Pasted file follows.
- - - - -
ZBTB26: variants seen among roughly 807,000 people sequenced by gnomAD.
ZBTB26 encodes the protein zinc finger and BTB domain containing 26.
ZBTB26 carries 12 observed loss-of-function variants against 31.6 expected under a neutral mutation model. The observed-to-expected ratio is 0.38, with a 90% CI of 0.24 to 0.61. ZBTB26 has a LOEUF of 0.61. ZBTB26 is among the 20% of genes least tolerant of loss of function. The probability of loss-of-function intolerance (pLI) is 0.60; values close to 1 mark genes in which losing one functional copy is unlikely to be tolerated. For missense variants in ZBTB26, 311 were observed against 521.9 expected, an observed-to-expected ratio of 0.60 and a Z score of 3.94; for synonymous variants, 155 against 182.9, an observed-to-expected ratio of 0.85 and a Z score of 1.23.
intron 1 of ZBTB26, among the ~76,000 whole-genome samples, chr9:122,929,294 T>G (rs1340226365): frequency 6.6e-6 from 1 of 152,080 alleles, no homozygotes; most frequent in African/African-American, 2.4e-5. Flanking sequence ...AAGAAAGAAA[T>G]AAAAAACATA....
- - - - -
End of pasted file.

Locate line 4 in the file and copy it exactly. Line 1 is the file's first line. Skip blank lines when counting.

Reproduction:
intron 1 of ZBTB26, among the ~76,000 whole-genome samples, chr9:122,929,294 T>G (rs1340226365): frequency 6.6e-6 from 1 of 152,080 alleles, no homozygotes; most frequent in African/African-American, 2.4e-5. Flanking sequence ...AAGAAAGAAA[T>G]AAAAAACATA....